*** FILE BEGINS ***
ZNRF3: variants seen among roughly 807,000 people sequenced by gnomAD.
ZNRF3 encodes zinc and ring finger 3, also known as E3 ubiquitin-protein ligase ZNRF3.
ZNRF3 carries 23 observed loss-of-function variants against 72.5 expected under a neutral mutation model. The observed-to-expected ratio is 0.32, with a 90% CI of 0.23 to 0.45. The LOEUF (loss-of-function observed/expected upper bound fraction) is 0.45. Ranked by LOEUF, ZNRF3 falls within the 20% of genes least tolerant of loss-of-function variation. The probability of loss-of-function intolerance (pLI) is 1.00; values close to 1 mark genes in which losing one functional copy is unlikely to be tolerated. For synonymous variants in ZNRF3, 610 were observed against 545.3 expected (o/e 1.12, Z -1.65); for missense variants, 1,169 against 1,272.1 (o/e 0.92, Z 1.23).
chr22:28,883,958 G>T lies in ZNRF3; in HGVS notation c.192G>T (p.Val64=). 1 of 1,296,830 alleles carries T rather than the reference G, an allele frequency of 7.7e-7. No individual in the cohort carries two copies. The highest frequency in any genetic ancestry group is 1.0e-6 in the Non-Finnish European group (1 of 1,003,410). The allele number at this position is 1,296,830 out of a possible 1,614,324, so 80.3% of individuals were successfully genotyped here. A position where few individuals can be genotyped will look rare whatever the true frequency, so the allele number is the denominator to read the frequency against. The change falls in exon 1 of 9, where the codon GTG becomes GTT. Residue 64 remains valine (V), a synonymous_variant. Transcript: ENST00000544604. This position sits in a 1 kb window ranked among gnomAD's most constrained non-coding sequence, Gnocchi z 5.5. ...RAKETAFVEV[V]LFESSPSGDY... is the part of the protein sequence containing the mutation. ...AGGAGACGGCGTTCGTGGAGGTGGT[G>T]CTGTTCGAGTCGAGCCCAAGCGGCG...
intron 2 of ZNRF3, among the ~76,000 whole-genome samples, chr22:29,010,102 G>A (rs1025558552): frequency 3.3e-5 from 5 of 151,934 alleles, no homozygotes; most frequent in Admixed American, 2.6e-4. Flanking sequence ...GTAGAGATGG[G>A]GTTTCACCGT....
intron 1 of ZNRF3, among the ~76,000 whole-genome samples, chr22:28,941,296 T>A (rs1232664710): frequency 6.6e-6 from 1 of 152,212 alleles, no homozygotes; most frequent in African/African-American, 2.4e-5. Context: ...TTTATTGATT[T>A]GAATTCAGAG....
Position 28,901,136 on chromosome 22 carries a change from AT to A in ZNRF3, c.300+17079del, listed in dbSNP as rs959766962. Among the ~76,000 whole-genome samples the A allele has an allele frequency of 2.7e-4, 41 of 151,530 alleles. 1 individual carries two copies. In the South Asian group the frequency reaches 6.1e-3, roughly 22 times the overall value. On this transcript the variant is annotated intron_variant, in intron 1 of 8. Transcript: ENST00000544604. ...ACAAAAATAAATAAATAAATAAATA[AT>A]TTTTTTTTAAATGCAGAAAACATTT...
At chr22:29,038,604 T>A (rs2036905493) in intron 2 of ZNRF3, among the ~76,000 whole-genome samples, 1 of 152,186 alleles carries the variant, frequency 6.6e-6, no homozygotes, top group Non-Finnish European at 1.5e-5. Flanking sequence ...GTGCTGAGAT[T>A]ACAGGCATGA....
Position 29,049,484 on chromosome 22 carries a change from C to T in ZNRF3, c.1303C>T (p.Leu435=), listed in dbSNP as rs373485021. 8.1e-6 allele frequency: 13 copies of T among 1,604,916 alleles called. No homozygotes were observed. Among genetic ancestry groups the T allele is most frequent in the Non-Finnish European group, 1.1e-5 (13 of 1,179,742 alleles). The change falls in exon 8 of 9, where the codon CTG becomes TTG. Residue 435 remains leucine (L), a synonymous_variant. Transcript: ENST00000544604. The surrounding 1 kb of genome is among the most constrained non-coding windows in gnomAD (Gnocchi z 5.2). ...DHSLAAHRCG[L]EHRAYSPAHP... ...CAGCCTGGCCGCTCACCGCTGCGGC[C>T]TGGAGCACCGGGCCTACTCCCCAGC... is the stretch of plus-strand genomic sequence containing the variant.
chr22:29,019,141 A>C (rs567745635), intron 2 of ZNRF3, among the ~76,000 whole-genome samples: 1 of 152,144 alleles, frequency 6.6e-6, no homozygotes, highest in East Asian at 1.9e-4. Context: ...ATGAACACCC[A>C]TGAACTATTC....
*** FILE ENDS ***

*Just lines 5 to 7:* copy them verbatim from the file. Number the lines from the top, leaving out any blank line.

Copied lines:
intron 2 of ZNRF3, among the ~76,000 whole-genome samples, chr22:29,010,102 G>A (rs1025558552): frequency 3.3e-5 from 5 of 151,934 alleles, no homozygotes; most frequent in Admixed American, 2.6e-4. Flanking sequence ...GTAGAGATGG[G>A]GTTTCACCGT....
intron 1 of ZNRF3, among the ~76,000 whole-genome samples, chr22:28,941,296 T>A (rs1232664710): frequency 6.6e-6 from 1 of 152,212 alleles, no homozygotes; most frequent in African/African-American, 2.4e-5. Context: ...TTTATTGATT[T>A]GAATTCAGAG....
Position 28,901,136 on chromosome 22 carries a change from AT to A in ZNRF3, c.300+17079del, listed in dbSNP as rs959766962. Among the ~76,000 whole-genome samples the A allele has an allele frequency of 2.7e-4, 41 of 151,530 alleles. 1 individual carries two copies. In the South Asian group the frequency reaches 6.1e-3, roughly 22 times the overall value. On this transcript the variant is annotated intron_variant, in intron 1 of 8. Transcript: ENST00000544604. ...ACAAAAATAAATAAATAAATAAATA[AT>A]TTTTTTTTAAATGCAGAAAACATTT...